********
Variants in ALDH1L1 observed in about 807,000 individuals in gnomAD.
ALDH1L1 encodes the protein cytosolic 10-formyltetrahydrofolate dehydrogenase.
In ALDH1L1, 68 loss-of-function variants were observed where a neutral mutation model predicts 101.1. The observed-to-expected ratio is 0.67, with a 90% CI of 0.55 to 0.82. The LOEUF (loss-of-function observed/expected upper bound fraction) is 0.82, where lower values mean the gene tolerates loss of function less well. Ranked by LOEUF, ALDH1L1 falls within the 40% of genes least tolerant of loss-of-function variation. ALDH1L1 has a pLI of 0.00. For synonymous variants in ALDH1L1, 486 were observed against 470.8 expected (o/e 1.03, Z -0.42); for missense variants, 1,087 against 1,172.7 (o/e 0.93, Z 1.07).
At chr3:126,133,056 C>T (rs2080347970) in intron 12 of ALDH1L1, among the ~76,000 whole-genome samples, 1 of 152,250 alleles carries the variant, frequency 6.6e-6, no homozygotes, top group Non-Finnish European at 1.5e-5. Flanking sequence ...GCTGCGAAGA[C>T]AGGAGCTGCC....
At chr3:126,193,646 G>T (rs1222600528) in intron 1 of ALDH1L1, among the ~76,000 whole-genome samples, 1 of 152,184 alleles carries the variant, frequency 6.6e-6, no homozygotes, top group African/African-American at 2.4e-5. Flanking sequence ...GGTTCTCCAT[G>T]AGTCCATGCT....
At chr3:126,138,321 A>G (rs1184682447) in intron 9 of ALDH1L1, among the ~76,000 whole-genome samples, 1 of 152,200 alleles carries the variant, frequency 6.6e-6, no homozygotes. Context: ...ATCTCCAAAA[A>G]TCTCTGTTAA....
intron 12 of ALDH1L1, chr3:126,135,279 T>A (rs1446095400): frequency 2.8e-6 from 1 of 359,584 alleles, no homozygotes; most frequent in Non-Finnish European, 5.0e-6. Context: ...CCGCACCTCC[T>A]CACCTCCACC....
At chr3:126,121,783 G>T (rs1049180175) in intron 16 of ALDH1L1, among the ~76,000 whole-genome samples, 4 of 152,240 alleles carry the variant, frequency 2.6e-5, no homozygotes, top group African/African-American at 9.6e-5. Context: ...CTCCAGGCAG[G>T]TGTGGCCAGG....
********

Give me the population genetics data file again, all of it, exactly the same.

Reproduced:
Variants in ALDH1L1 observed in about 807,000 individuals in gnomAD.
ALDH1L1 encodes the protein cytosolic 10-formyltetrahydrofolate dehydrogenase.
In ALDH1L1, 68 loss-of-function variants were observed where a neutral mutation model predicts 101.1. The observed-to-expected ratio is 0.67, with a 90% CI of 0.55 to 0.82. The LOEUF (loss-of-function observed/expected upper bound fraction) is 0.82, where lower values mean the gene tolerates loss of function less well. Ranked by LOEUF, ALDH1L1 falls within the 40% of genes least tolerant of loss-of-function variation. ALDH1L1 has a pLI of 0.00. For synonymous variants in ALDH1L1, 486 were observed against 470.8 expected (o/e 1.03, Z -0.42); for missense variants, 1,087 against 1,172.7 (o/e 0.93, Z 1.07).
At chr3:126,133,056 C>T (rs2080347970) in intron 12 of ALDH1L1, among the ~76,000 whole-genome samples, 1 of 152,250 alleles carries the variant, frequency 6.6e-6, no homozygotes, top group Non-Finnish European at 1.5e-5. Flanking sequence ...GCTGCGAAGA[C>T]AGGAGCTGCC....
At chr3:126,193,646 G>T (rs1222600528) in intron 1 of ALDH1L1, among the ~76,000 whole-genome samples, 1 of 152,184 alleles carries the variant, frequency 6.6e-6, no homozygotes, top group African/African-American at 2.4e-5. Flanking sequence ...GGTTCTCCAT[G>T]AGTCCATGCT....
At chr3:126,138,321 A>G (rs1184682447) in intron 9 of ALDH1L1, among the ~76,000 whole-genome samples, 1 of 152,200 alleles carries the variant, frequency 6.6e-6, no homozygotes. Context: ...ATCTCCAAAA[A>G]TCTCTGTTAA....
intron 12 of ALDH1L1, chr3:126,135,279 T>A (rs1446095400): frequency 2.8e-6 from 1 of 359,584 alleles, no homozygotes; most frequent in Non-Finnish European, 5.0e-6. Context: ...CCGCACCTCC[T>A]CACCTCCACC....
At chr3:126,121,783 G>T (rs1049180175) in intron 16 of ALDH1L1, among the ~76,000 whole-genome samples, 4 of 152,240 alleles carry the variant, frequency 2.6e-5, no homozygotes, top group African/African-American at 9.6e-5. Context: ...CTCCAGGCAG[G>T]TGTGGCCAGG....